In another part, Chris ask you to name at least an ideal Ring and, then, you admit that there is none. Then, you mention three different works, among them Karajan's Walkure, mostly because of Vickers and Janowitz. However, there is another individual Walkure with Leinsdorf, with Vickers in his prime and Gre Brouwestijn, a Sieglinde of the greatest musicianship, youthfully beautiful voice and a highly emotional rendering of the role. At the same time, you have a strong George London (instead of the rather flat Thomas Stewart) as Wotan and a LSO at its best, in a better (at least more lively) recording than Karajan's.

Finally, it is not at all to my intention to be condescending as for your "taste". By all means, you are entitled to any views about anything. However, if you know that you belong to a "revisionist" group, you may contemplate the idea that, for the moment, you may belong to a minority. 

I feel extremely sorry I had to respond in such a lengthy way...

We may go to the original subject, sometime soon perhaps.

Parla

Wow! That is something!..

Wow! Jane, you can always surprise me and not only.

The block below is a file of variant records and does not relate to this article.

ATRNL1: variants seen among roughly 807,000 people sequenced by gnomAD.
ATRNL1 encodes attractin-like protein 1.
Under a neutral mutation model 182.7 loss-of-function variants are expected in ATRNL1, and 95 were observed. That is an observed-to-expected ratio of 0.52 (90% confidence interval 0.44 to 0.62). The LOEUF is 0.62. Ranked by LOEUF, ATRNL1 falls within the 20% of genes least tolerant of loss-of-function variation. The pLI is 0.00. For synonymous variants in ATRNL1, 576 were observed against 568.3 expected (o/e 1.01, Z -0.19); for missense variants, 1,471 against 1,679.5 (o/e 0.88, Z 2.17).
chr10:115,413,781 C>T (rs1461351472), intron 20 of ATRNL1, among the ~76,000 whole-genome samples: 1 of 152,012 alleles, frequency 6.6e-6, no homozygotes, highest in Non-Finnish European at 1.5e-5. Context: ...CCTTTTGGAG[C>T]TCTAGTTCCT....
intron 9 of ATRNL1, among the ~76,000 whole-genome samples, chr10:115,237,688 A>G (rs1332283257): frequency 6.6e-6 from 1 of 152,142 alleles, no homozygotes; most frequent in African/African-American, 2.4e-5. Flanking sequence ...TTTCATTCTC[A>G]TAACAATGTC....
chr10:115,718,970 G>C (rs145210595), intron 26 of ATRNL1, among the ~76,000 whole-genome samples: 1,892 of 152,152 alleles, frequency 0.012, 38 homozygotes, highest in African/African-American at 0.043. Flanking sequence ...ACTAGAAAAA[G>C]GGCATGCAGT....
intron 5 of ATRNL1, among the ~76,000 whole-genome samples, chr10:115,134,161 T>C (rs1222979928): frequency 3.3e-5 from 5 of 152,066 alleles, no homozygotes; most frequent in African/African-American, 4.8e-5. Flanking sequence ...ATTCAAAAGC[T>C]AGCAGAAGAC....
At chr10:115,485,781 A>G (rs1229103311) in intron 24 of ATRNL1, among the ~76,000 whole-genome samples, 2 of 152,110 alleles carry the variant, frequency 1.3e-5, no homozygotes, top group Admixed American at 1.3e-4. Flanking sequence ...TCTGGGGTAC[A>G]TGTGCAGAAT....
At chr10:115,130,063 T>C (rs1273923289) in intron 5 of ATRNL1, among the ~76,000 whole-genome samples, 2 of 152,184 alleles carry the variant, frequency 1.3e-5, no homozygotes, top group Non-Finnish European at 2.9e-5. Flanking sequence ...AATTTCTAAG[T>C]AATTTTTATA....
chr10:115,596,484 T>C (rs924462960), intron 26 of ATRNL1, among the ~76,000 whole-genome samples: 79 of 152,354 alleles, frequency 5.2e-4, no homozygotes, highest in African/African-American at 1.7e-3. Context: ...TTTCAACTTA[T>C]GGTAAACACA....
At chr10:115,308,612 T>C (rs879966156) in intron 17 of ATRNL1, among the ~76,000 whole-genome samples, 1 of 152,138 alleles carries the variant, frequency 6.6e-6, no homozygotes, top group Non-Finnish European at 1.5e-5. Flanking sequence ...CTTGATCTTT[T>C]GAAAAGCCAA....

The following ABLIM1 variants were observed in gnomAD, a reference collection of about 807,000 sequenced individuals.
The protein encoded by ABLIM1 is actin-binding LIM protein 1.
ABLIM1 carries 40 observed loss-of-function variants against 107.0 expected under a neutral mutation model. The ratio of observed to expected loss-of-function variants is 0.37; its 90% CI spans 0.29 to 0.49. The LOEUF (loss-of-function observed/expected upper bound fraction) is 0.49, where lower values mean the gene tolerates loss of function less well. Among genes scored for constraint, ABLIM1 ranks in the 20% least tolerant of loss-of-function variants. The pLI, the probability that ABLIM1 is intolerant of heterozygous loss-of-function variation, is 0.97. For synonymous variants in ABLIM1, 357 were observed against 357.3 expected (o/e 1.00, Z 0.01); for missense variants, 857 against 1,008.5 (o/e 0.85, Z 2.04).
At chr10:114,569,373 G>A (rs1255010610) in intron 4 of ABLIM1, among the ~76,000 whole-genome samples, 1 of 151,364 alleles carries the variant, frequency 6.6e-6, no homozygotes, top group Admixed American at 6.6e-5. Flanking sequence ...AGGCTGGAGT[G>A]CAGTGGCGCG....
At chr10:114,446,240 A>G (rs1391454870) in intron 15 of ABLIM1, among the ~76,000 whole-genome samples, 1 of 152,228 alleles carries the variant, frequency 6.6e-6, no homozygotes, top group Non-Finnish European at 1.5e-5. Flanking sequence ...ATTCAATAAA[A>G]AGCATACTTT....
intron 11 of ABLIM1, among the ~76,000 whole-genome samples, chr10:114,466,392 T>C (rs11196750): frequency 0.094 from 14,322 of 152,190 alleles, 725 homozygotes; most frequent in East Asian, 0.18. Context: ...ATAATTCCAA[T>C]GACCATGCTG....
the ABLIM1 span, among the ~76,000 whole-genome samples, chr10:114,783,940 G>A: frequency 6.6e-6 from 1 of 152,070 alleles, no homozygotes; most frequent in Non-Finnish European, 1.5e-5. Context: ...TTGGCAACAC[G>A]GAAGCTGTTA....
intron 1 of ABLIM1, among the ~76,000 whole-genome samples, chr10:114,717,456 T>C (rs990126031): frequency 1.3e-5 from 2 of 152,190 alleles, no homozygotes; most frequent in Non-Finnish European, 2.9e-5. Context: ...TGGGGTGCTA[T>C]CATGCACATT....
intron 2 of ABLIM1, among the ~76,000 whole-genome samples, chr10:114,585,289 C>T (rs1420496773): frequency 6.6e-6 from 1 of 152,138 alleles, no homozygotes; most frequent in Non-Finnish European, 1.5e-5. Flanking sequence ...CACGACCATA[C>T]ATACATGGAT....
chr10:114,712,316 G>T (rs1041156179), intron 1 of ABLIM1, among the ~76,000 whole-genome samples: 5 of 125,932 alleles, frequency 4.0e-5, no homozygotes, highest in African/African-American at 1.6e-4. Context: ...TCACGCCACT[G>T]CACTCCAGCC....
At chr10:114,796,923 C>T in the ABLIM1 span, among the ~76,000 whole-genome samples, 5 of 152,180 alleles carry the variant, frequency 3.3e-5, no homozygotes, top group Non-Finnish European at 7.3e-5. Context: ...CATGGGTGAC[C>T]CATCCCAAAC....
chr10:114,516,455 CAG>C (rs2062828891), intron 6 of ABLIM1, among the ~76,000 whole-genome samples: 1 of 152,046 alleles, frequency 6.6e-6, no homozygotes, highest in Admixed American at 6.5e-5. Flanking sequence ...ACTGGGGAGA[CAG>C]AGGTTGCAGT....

I find quite difficult to touch upon all these issues raised in your last posts, but let's try. I find myself obliged to respond, since I happen to believe I belong -too- to these "highly cultured people who are otherwise passionately devoted to music -to Mozart, Bach and so on" (as Chris, I trust), but I cannot possibly see why Knappertsbusch, Keilberth, Kraus, Bohm or Solti were wrong and their singers simply...scream instead of singing.

I can assure you that my respect, love and appreciation for Solti's Ring has nothing to do with my age. Most of the music I listen is brand new recordings with, necessarily, new artists. However, in some cases, one has to admit that, in the past, something special, unique sometimes, happened.

So, you mentioned : "compare to other versions". Funnily, you said that to someone who has spent a small fortune to aquire almost any "well-recorded" recording from the 50s and onwards. So, "let's not pretend that it matches the very best modern recordings". Let's name them! So, Jane, name just few of them!